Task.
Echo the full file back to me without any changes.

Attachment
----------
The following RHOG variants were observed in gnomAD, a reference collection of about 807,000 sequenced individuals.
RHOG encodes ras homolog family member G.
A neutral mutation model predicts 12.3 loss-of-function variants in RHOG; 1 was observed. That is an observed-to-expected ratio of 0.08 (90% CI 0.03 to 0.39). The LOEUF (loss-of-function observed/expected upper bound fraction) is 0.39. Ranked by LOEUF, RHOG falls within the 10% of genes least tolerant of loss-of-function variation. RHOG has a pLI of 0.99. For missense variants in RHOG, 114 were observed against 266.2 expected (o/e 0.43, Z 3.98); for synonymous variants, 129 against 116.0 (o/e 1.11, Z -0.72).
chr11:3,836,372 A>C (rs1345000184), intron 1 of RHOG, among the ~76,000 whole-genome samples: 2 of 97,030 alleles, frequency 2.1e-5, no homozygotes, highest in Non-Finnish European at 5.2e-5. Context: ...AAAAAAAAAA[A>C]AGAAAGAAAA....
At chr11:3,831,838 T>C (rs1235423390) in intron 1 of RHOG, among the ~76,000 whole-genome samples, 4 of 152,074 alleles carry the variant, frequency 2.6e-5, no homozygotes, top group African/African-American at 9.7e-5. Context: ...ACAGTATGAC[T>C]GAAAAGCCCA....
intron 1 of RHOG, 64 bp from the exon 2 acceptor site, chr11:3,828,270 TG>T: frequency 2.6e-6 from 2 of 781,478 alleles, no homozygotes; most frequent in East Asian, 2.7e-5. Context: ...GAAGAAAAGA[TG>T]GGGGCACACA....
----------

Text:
The following RHOG variants were observed in gnomAD, a reference collection of about 807,000 sequenced individuals.
RHOG encodes ras homolog family member G.
A neutral mutation model predicts 12.3 loss-of-function variants in RHOG; 1 was observed. That is an observed-to-expected ratio of 0.08 (90% CI 0.03 to 0.39). The LOEUF (loss-of-function observed/expected upper bound fraction) is 0.39. Ranked by LOEUF, RHOG falls within the 10% of genes least tolerant of loss-of-function variation. RHOG has a pLI of 0.99. For missense variants in RHOG, 114 were observed against 266.2 expected (o/e 0.43, Z 3.98); for synonymous variants, 129 against 116.0 (o/e 1.11, Z -0.72).
chr11:3,836,372 A>C (rs1345000184), intron 1 of RHOG, among the ~76,000 whole-genome samples: 2 of 97,030 alleles, frequency 2.1e-5, no homozygotes, highest in Non-Finnish European at 5.2e-5. Context: ...AAAAAAAAAA[A>C]AGAAAGAAAA....
At chr11:3,831,838 T>C (rs1235423390) in intron 1 of RHOG, among the ~76,000 whole-genome samples, 4 of 152,074 alleles carry the variant, frequency 2.6e-5, no homozygotes, top group African/African-American at 9.7e-5. Context: ...ACAGTATGAC[T>C]GAAAAGCCCA....
intron 1 of RHOG, 64 bp from the exon 2 acceptor site, chr11:3,828,270 TG>T: frequency 2.6e-6 from 2 of 781,478 alleles, no homozygotes; most frequent in East Asian, 2.7e-5. Context: ...GAAGAAAAGA[TG>T]GGGGCACACA....